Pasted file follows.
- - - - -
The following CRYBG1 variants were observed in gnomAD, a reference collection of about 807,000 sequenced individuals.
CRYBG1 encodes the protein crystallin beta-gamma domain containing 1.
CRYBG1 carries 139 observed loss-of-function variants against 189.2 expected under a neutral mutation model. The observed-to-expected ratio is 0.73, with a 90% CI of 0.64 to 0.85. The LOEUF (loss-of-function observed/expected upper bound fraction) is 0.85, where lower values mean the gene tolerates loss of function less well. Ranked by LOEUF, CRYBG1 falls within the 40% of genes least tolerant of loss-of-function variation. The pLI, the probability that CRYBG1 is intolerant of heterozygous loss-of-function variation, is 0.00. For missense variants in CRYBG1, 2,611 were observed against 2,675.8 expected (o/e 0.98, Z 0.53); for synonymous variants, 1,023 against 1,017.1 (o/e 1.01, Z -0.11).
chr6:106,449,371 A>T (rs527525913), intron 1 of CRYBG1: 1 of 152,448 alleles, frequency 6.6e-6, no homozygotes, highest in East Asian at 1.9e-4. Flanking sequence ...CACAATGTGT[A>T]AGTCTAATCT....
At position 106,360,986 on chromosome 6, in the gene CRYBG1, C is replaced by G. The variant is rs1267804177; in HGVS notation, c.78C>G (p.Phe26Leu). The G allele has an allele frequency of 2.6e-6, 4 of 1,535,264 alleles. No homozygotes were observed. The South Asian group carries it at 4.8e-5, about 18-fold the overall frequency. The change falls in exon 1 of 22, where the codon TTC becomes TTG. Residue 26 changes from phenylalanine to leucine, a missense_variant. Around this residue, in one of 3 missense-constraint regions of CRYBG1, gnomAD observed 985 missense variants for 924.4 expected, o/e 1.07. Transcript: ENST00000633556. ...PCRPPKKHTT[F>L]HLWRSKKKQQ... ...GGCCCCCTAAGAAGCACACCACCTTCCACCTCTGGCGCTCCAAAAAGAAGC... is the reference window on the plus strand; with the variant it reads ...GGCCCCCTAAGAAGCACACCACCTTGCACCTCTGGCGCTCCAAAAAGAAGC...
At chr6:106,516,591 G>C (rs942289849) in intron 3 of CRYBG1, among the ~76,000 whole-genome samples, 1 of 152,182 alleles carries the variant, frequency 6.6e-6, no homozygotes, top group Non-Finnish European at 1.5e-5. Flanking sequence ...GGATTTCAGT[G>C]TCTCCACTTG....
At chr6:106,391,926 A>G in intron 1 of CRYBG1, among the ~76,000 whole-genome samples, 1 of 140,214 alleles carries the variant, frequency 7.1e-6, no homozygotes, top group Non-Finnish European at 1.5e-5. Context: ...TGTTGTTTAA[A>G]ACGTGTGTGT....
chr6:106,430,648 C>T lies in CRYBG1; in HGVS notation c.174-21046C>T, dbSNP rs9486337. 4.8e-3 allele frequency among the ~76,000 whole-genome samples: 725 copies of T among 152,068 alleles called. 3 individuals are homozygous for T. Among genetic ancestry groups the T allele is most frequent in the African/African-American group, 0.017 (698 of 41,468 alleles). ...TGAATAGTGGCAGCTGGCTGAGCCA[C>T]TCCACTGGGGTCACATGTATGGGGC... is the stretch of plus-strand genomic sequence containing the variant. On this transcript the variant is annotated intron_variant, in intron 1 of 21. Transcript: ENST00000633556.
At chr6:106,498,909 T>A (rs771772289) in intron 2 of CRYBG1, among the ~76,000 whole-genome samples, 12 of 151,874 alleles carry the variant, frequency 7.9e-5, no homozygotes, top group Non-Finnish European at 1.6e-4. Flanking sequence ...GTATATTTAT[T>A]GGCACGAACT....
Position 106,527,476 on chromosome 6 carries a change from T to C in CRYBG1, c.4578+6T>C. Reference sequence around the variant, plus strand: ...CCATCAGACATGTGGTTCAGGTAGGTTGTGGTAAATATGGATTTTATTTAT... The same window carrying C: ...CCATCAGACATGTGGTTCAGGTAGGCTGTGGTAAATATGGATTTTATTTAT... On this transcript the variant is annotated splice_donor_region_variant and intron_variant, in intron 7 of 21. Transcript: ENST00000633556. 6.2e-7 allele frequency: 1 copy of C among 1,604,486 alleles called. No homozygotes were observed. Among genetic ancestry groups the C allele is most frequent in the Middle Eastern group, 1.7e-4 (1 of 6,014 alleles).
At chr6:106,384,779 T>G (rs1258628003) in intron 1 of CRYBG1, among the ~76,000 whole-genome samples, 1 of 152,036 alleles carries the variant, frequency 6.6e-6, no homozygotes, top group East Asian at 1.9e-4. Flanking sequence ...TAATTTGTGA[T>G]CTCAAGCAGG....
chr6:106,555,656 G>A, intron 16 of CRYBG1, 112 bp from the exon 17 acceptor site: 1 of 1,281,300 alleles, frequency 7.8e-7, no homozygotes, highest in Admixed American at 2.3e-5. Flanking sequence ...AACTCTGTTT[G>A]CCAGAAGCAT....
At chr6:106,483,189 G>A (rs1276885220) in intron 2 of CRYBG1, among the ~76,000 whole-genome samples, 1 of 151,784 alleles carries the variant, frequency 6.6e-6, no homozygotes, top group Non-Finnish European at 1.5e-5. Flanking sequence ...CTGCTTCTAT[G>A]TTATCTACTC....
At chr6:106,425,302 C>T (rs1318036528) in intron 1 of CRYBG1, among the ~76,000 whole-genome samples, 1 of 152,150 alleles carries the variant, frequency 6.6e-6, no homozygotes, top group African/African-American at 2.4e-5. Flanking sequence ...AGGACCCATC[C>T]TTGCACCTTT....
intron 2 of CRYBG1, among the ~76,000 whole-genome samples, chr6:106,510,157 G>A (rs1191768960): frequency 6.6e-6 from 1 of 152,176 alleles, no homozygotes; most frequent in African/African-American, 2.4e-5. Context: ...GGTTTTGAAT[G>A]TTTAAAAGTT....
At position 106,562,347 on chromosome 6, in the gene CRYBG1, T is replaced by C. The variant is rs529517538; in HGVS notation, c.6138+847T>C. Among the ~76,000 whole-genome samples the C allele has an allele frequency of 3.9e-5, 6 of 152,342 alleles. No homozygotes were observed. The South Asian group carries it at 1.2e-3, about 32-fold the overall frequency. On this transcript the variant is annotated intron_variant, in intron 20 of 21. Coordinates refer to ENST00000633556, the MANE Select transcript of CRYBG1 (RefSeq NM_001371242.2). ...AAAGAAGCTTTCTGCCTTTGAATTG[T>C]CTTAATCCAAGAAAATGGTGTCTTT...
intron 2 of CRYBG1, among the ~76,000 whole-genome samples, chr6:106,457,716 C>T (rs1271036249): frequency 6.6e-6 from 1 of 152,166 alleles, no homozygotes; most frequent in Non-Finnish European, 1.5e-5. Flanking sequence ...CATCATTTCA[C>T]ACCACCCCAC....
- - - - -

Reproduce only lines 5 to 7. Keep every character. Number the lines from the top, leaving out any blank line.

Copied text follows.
At position 106,360,986 on chromosome 6, in the gene CRYBG1, C is replaced by G. The variant is rs1267804177; in HGVS notation, c.78C>G (p.Phe26Leu). The G allele has an allele frequency of 2.6e-6, 4 of 1,535,264 alleles. No homozygotes were observed. The South Asian group carries it at 4.8e-5, about 18-fold the overall frequency. The change falls in exon 1 of 22, where the codon TTC becomes TTG. Residue 26 changes from phenylalanine to leucine, a missense_variant. Around this residue, in one of 3 missense-constraint regions of CRYBG1, gnomAD observed 985 missense variants for 924.4 expected, o/e 1.07. Transcript: ENST00000633556. ...PCRPPKKHTT[F>L]HLWRSKKKQQ... ...GGCCCCCTAAGAAGCACACCACCTTCCACCTCTGGCGCTCCAAAAAGAAGC... is the reference window on the plus strand; with the variant it reads ...GGCCCCCTAAGAAGCACACCACCTTGCACCTCTGGCGCTCCAAAAAGAAGC...
At chr6:106,516,591 G>C (rs942289849) in intron 3 of CRYBG1, among the ~76,000 whole-genome samples, 1 of 152,182 alleles carries the variant, frequency 6.6e-6, no homozygotes, top group Non-Finnish European at 1.5e-5. Flanking sequence ...GGATTTCAGT[G>C]TCTCCACTTG....
At chr6:106,391,926 A>G in intron 1 of CRYBG1, among the ~76,000 whole-genome samples, 1 of 140,214 alleles carries the variant, frequency 7.1e-6, no homozygotes, top group Non-Finnish European at 1.5e-5. Context: ...TGTTGTTTAA[A>G]ACGTGTGTGT....